Comments

  1. Tammy Tucker Weston says

    “TOP DOG”

    Do not choose the puppy that claims the top spot of the litter. I was advised by many. By the time I had heard this it was too late. My dear neighbor gave me a beautiful fluffy whitish yellow lab to soften the loss of my little yellow doggie I had just put to sleep due to cancer. The big paws nearly as big as his head should have been a clue. Never considered a little puppy, causing the appropriate name of “Samson”. As we all know puppies are a challenge for awhile. Samson caught on potty training quickly, he didn’t tear up my house. But he had a worse character flaw, barking. Yes Sam was a yapper from the beginning. His piercing distinctive bark made it impossible for me to blame other neighborhood dogs for the annoying noise. When anyone visited, Sam would greet them alright, sometimes knocking them down with pure joy. He seemed to believe everyone was coming to visit him. At times his excitement was uncontrollable. Never ever leave the front door open because Samson has learned how to unlock the glass storm door. Causing extremely long outings when he would escape. Oh beware of the water bowl, get near it when Samson is drinking you will receive a non requested shower. Many times I ask myself “what have I done”. This dog has taken over my life. Friends would advise me to find Sam another home. Some refusing to visit when Samson was not put in another room. I have been given several copies of the book and movie “Marley and Me”. However, the thought of actually giving him away would always make me sad. The “dog whisper’ became a weekly taped program. I would walk him every day, many times several times a day if were having visitors just to calm him down. I also had an older black lab named “Chester”. Chester took Samson under his paw, keeping Sam under control often. Chester loved Sam as his son. Samson loved Chester dearly. When we lost Chester, he died in my home on a cold Thanksgiving day. Samson and I grieved this loss together. Forcing a bond I never thought possible with this crazy dog. Then I realized, he isn’t near as bad as he is smart. that was the problem all a long, he needed challenged. So we went to work. Bought toys, balls, and a frisbee. Walk whenever we could. He begin to relax and enjoy life, not being so high strung. Oh yes, still a yapper. I can honestly say I am so glad I did not give Samson away or I would have never found out what a great buddy to me he is. Mistake..nah, he is the dog meant for me. Never get the top dog…so glad I did.

      • MaryAnne says

        My mistake is I forgot about Scars. I was rushed and out of town all week. So here it is:

        It’s a scar but not on her body. This small scar which hides within the soft folds of skin is barely visible. It changed the course of her life.
        She had to contend with this infidelity to truth. There are many kinds of infidelity – this enormous omission, not only caused her months of physical pain, it killed a light within. Darkness fell like a cheap dark shade.

        She had felt the frequency modulation sometimes — the intuitive knowing — but she didn’t think to tell those close to her, especially Robert, who worked at the United Nations, and had been her friend since childhood.
        It was unlike her not to put her love relationship under a microscope. Automatically, she did this with her friends but with Tim there had been this sudden intensity—fire igniting damp wood — which had warmed her at first and the blazing fire burned her questions. Her usual ways of operating fell off into ashes..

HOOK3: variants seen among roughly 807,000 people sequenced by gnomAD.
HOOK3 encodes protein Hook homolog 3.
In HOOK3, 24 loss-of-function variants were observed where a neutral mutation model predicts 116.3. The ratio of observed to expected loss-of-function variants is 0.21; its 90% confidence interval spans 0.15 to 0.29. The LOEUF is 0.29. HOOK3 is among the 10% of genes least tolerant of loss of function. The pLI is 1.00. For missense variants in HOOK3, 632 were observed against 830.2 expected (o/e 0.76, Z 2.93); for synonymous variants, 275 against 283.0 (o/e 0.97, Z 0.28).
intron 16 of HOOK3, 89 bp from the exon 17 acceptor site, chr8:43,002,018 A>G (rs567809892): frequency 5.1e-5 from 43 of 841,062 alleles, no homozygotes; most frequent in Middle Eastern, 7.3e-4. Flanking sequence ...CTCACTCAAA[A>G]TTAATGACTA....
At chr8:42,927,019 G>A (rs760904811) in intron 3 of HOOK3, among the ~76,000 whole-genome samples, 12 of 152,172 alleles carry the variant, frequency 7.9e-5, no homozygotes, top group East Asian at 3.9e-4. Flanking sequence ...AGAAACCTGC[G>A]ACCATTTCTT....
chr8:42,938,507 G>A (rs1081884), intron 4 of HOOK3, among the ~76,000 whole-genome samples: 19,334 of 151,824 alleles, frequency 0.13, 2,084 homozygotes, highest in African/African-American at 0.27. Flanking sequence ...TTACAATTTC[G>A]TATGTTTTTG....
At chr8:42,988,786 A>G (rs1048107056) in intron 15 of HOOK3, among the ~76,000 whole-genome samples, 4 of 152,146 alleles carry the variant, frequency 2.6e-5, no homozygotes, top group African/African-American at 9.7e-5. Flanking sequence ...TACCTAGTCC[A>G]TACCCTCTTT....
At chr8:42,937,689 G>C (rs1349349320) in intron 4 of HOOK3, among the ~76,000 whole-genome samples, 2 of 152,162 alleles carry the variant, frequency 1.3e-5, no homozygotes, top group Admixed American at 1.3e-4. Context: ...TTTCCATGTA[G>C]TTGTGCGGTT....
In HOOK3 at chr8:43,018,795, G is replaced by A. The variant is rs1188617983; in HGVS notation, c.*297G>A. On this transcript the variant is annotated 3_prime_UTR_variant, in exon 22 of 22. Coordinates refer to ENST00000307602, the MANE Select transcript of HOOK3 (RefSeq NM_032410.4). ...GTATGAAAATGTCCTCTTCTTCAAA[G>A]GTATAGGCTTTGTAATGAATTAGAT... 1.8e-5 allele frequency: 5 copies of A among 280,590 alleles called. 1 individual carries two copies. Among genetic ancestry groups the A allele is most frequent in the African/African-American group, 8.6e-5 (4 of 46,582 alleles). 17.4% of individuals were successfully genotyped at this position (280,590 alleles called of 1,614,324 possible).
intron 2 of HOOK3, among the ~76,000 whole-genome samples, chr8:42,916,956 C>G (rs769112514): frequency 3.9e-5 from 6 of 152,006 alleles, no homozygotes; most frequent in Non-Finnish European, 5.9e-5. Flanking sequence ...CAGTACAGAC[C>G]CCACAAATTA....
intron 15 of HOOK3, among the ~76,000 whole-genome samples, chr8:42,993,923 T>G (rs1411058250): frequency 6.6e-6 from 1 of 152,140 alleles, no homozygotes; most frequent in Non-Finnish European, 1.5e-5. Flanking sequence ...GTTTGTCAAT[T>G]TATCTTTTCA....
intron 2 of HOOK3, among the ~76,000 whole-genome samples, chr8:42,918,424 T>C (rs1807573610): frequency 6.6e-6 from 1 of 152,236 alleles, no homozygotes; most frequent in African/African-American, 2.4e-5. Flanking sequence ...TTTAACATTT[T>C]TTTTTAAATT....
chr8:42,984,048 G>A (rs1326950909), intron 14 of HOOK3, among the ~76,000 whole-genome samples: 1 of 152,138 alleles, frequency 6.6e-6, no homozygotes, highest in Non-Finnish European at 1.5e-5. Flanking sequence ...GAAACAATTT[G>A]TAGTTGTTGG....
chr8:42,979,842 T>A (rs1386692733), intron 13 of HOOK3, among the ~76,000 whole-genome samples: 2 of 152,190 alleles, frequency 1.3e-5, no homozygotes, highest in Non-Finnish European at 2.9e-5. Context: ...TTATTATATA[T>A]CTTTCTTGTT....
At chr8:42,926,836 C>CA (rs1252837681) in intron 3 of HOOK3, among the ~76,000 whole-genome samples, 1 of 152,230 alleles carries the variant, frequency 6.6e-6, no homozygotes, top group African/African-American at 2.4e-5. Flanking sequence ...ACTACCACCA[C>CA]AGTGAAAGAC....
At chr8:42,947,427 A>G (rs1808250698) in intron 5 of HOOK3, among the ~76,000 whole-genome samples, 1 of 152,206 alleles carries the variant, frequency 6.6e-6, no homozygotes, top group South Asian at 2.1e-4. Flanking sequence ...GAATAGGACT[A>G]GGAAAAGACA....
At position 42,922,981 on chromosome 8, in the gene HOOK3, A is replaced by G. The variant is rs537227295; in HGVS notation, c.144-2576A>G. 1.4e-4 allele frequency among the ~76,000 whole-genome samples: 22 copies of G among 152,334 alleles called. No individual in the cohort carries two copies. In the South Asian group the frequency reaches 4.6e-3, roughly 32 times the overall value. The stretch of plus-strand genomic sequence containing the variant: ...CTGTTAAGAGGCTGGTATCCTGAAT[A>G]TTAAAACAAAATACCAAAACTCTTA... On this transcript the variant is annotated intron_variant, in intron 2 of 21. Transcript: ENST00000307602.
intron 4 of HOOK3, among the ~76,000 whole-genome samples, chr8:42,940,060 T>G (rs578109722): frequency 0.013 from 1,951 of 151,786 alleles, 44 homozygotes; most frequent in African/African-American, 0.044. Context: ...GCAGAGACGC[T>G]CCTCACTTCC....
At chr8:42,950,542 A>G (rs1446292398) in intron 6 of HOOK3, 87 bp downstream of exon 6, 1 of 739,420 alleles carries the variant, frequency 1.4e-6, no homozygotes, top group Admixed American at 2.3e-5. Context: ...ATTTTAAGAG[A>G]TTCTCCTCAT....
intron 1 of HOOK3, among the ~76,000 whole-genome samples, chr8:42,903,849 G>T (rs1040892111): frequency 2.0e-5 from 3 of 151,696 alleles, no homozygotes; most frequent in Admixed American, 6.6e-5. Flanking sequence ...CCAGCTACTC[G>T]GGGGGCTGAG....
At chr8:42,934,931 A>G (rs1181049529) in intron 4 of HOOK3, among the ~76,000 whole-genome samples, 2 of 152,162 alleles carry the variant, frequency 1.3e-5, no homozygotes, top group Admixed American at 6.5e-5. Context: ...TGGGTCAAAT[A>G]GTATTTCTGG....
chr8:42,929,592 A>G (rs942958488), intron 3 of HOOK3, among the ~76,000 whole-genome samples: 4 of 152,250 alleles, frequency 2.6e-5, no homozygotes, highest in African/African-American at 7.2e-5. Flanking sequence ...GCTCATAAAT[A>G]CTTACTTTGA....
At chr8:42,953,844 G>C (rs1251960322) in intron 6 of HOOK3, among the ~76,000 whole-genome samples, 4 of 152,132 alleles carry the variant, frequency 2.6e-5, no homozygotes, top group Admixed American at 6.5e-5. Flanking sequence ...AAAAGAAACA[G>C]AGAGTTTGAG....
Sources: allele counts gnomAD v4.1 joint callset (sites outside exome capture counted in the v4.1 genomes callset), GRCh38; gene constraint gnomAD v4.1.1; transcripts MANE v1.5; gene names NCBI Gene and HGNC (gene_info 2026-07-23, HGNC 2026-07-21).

It happened before he met her, but he should have told her. Did Tim think it wasn’t important? What about her efforts? Her physical and mental suffering? Where was his compassion…love? What was he thinking?
        It felt rotten and there seemed to be no remedy. His tag line when they parted after a huge fight was a whispered, “I’m sorry.”
        What was she to do with this? She could continue but she knew in her heart she was done.
        It had completely changed her feelings toward him and when there is a total change in the way a person views another, there is nothing one can do but walk away.
        “I wish you well,” she said turning away, I’m done!”

  2. Careen says

    After my beautiful mother passed away after suffering from a long illness that left her paralyzed from the neck down I found myself extremely depressed and lost. I had taken care of her for several years and I still swell with emotion when I think of that time and love we could show each other and the stories she shared with me. I would do it over again and again just to have her here to talk to. I’m still not completely at the place in my life where I can be comforted that she is gone and not suffering anymore, I still hurt and think with my heart. Maybe one day I will graduate to this.

    My Mothers passing left my father living alone. I do not love my father, but he is my father and he was getting on in years and his health seemed so much frailer without my mother. I was putting my two daughters through college and times were hard financially. A plan formulated in my mind, that I could take care of my aging father, perhaps learn to love him before he died and at the same time help my girls with money, if I moved in with my father. He was excited beyond comprehension, he couldn’t wait for the day, I suppose he was lonely and missing my mother.

    The same day I moved into my father’s condominium with him I could feel the mistake I was making, but the decision was done, I couldn’t turn back. Promises had been made to my children of financial help, and promises were made to my father, to be there for him.
    I could do it! I would do it!

    I tried to settle in and make myself at home. I talked myself into being happy knowing I was doing the right thing. As I was changing one day in my room I found that the door lock didn’t catch right. I made a mental note to fix that. Later that day my father broke what was left of that lock as he forced his way into my room, just because it was locked, because he could, and I remembered.

    Later, I heard the floor creak in the hall and as I turned to look to see if someone was coming to talk to me, I could see his one eye peeking in at me through the crack in the door and I chilled, and I remembered.